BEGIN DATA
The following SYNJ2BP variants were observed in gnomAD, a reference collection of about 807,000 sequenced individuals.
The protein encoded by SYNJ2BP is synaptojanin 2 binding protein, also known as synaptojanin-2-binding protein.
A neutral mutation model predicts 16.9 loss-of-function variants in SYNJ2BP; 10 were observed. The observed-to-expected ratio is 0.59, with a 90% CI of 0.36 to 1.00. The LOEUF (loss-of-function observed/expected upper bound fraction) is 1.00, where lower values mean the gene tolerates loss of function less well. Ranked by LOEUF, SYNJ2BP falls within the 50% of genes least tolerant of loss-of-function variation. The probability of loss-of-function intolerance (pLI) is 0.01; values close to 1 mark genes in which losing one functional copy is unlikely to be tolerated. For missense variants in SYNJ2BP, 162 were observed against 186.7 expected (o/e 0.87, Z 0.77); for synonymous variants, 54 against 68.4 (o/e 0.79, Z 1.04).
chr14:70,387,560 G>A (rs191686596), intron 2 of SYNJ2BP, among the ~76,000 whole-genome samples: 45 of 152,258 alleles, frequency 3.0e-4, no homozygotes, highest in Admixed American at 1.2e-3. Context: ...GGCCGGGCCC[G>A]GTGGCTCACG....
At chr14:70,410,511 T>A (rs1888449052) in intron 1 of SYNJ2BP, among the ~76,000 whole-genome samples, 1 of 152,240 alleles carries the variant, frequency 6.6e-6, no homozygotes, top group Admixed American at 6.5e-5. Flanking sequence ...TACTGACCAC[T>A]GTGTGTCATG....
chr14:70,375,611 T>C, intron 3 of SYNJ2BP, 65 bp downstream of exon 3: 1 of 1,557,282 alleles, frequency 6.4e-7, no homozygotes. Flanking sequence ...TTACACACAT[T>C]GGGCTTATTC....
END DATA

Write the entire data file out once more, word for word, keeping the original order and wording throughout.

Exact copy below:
The following SYNJ2BP variants were observed in gnomAD, a reference collection of about 807,000 sequenced individuals.
The protein encoded by SYNJ2BP is synaptojanin 2 binding protein, also known as synaptojanin-2-binding protein.
A neutral mutation model predicts 16.9 loss-of-function variants in SYNJ2BP; 10 were observed. The observed-to-expected ratio is 0.59, with a 90% CI of 0.36 to 1.00. The LOEUF (loss-of-function observed/expected upper bound fraction) is 1.00, where lower values mean the gene tolerates loss of function less well. Ranked by LOEUF, SYNJ2BP falls within the 50% of genes least tolerant of loss-of-function variation. The probability of loss-of-function intolerance (pLI) is 0.01; values close to 1 mark genes in which losing one functional copy is unlikely to be tolerated. For missense variants in SYNJ2BP, 162 were observed against 186.7 expected (o/e 0.87, Z 0.77); for synonymous variants, 54 against 68.4 (o/e 0.79, Z 1.04).
chr14:70,387,560 G>A (rs191686596), intron 2 of SYNJ2BP, among the ~76,000 whole-genome samples: 45 of 152,258 alleles, frequency 3.0e-4, no homozygotes, highest in Admixed American at 1.2e-3. Context: ...GGCCGGGCCC[G>A]GTGGCTCACG....
At chr14:70,410,511 T>A (rs1888449052) in intron 1 of SYNJ2BP, among the ~76,000 whole-genome samples, 1 of 152,240 alleles carries the variant, frequency 6.6e-6, no homozygotes, top group Admixed American at 6.5e-5. Flanking sequence ...TACTGACCAC[T>A]GTGTGTCATG....
chr14:70,375,611 T>C, intron 3 of SYNJ2BP, 65 bp downstream of exon 3: 1 of 1,557,282 alleles, frequency 6.4e-7, no homozygotes. Flanking sequence ...TTACACACAT[T>C]GGGCTTATTC....